How Literature Speaks Through the Ages

I cannot recommend the novel Stoner by John Williams enough; not a single word is wasted in creating a life and exploring the passions, loves and failures of an individual throughout that life.  These are the moments that history does not record:

Five days before the marriage took place the Japanese had bombed Pearl Harbour; and William Stoner watched the ceremony with a mixture of feeling that he had not had before.  Like many others who went through that time, he was gripped by what he could think of only as a numbness, though he knew it was a feeling compounded of emotions so deep and intense that they could not be acknowledged because they could not be lived with.  It was the force of a public tragedy he felt, a horror and a woe so all-pervasive that private tragedies and personal misfortunes were removed to another state of being, yet were intensified by the very vastness in which they took place, as the poignancy of a lone grave might be intensified by a great desert surrounding it.  With a pity that was almost impersonal he watched the sad little ritual of the marriage and was oddly moved by the passive, indifferent beauty of his daughter’s face and by the sullen desperation on the face of the young man.

– From the novel Stoner by John Williams. Published by Vintage, 2012.

The Ending

I know it is coming, and I think about it almost every day.  The door closing, the life ending.  The peace to know that I cannot change a thing and the acceptance to say that I have had a good life: I have lived and I have loved, and in turn I have been loved and lived my life as best I could with others, with my family and friends.  A door is closing, but I am thankful it was ever open at all.

Taken using a Pentax ME Super 35mm camera with Lomography Lady Grey 400 (Fomopan) film and developed by hand and then scanned into a computer. If reused please credit the author.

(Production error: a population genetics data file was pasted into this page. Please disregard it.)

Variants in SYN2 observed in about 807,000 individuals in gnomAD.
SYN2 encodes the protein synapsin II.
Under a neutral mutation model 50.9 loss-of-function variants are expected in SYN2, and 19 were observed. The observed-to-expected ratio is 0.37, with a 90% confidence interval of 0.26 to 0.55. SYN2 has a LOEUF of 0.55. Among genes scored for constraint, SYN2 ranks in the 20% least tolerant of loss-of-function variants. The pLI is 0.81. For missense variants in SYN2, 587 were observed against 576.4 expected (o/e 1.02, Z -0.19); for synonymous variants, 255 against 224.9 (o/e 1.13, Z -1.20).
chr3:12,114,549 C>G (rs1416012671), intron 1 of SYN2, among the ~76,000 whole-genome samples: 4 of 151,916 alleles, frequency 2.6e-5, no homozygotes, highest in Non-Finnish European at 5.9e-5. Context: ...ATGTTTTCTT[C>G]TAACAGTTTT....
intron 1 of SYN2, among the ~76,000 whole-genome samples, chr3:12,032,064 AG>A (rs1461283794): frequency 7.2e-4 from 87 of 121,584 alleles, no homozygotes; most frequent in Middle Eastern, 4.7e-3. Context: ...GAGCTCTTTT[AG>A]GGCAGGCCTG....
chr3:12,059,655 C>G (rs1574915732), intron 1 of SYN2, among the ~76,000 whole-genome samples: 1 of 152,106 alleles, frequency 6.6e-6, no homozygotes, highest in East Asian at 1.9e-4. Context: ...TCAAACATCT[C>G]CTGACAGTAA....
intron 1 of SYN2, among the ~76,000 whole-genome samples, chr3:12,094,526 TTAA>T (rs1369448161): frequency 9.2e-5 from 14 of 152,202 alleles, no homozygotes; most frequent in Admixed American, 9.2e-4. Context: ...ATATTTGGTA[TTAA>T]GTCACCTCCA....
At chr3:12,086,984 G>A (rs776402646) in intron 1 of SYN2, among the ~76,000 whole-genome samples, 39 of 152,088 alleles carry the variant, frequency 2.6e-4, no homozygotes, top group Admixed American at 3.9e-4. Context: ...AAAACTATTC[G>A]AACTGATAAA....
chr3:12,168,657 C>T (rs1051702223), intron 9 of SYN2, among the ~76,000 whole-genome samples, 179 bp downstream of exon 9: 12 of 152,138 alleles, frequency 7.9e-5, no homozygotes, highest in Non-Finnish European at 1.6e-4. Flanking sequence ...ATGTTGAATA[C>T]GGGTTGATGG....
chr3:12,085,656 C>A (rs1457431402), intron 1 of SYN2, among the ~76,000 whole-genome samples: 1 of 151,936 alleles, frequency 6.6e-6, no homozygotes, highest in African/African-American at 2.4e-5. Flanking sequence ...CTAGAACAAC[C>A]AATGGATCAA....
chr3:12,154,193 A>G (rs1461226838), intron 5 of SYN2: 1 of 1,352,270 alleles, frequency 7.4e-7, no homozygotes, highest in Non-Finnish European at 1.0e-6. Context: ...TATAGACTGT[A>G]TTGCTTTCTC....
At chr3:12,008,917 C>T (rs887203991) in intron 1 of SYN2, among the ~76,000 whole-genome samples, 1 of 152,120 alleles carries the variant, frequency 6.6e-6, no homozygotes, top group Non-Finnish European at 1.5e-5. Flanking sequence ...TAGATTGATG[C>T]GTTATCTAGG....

Add New Post

Those words stare out at me like a challenge, needling my sides as I sit down and put my fingers to the keyboard, ready to type but nothing ever seems to happen.  They just hover for a short while before I retract them and think about putting the kettle on for another black coffee to help stimulate the mind.

It’s morning, perhaps it is too early, maybe I should go back to bed and have a nap?  Dreams are a great place for ideas to collide after all.  The afternoon is a much better time to write, perhaps even the early evening?

These thoughts twirl around my head as I set up the rest of my day with the routine tasks of living.  Soon I find I have no time to sit and write, life is falling into place and I do have to work for a living and help with the upkeep of my young family.  The joys of feeding toddlers and playing imaginary games, the book can wait can’t it, if I just take this quick break to think I’m a fish ready to nibble her little feet?  To see that laugh and that smile lights me up like nothing else could or can, even the thought of being a published author is pushed to the back of my mind.

Here then is my kingdom of heaven.  Let me turn off the television and turn down the radio, the news cannot intrude into paradise today.  We are alone in our tight family unit and we are happy here.

The book niggles at me during the night, when I am lying down trying to both sleep and to escape.  Instead the demon rises up in the form of a thousand empty pages, all flickering to the bitter empty end.